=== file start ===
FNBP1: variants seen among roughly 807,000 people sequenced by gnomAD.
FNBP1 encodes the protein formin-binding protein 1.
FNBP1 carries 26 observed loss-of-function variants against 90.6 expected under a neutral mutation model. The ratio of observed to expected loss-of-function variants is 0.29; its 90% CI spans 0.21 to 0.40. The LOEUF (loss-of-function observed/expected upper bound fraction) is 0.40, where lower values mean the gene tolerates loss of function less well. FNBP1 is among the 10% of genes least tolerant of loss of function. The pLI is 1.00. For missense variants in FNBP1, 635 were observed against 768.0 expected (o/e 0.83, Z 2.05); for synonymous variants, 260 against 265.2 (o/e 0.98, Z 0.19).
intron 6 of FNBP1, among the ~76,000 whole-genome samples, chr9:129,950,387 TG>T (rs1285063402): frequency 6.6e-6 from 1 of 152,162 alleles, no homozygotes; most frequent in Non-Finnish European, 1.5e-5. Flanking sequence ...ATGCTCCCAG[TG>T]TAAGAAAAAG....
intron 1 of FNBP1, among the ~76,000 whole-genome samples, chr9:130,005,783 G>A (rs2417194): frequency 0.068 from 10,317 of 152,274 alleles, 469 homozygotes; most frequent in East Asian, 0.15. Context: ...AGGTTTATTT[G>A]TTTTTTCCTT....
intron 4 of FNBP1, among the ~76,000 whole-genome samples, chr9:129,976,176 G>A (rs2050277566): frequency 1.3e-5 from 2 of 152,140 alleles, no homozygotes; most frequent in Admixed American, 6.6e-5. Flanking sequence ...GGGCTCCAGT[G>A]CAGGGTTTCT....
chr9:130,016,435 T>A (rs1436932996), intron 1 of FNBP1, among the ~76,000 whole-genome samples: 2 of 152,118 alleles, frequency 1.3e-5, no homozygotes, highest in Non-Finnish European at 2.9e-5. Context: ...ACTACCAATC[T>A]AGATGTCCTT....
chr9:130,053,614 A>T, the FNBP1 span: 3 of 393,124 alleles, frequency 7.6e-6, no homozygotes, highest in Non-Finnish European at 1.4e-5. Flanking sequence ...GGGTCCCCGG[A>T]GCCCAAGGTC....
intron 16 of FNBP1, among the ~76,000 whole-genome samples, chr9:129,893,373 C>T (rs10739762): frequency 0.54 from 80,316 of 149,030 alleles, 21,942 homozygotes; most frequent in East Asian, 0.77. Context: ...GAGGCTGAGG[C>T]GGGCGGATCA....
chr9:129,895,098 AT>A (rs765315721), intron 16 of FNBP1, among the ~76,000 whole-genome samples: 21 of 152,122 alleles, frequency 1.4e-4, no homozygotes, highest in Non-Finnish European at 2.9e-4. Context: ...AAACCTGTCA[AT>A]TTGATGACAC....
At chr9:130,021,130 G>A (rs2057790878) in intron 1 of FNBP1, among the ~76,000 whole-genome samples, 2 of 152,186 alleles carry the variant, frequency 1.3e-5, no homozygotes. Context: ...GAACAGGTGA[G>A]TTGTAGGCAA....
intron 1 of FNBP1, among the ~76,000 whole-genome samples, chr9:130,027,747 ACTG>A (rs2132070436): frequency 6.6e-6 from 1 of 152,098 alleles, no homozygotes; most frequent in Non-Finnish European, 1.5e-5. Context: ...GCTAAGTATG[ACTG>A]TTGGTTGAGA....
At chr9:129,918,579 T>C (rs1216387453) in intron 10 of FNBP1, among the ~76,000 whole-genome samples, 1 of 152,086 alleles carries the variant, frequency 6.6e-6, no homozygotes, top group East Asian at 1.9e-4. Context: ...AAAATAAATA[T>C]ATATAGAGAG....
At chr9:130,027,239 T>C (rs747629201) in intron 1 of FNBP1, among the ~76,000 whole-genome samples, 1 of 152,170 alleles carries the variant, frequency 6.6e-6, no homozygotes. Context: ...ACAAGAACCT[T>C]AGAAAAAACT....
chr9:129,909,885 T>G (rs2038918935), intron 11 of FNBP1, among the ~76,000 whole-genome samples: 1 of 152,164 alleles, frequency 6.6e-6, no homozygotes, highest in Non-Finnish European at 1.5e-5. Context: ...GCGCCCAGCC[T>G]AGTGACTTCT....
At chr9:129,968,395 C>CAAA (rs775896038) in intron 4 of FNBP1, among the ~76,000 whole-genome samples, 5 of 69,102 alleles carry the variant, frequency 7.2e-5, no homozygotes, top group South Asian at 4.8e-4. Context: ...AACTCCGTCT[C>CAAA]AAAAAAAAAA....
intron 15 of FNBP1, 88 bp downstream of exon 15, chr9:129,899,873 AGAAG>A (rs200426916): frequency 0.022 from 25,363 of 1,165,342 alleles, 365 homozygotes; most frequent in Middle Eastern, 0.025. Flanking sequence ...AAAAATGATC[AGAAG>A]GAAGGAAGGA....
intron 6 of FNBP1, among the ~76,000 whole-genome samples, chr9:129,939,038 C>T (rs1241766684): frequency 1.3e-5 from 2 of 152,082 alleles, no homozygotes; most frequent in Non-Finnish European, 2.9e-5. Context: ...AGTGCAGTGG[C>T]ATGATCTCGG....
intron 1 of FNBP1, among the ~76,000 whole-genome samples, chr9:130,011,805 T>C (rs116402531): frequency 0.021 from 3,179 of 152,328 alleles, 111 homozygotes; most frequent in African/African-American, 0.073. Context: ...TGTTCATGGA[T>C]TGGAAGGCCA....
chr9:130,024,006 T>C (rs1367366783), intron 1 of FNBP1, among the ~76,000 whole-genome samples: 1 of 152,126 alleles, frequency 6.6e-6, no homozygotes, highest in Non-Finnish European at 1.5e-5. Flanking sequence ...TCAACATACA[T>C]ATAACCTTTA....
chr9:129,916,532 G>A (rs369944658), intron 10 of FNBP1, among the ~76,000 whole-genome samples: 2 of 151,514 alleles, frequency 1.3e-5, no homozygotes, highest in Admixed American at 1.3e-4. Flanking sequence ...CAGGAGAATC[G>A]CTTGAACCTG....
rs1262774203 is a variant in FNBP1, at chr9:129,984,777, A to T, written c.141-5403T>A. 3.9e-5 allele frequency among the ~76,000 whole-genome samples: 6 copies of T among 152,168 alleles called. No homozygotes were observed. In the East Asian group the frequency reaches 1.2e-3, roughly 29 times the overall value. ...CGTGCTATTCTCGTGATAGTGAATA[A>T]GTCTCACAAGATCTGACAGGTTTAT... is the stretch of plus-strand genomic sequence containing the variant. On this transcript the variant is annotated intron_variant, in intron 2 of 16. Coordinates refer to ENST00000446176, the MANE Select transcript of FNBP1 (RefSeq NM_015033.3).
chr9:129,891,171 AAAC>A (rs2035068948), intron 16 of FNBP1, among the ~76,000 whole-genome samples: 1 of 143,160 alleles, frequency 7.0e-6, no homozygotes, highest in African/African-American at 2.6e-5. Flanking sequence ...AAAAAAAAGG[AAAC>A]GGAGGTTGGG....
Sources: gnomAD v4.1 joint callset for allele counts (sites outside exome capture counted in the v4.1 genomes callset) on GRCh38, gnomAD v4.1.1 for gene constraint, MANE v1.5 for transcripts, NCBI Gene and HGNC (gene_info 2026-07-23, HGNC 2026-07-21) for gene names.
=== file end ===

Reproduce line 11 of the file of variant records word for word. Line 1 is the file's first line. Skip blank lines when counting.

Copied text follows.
At chr9:130,021,130 G>A (rs2057790878) in intron 1 of FNBP1, among the ~76,000 whole-genome samples, 2 of 152,186 alleles carry the variant, frequency 1.3e-5, no homozygotes. Context: ...GAACAGGTGA[G>A]TTGTAGGCAA....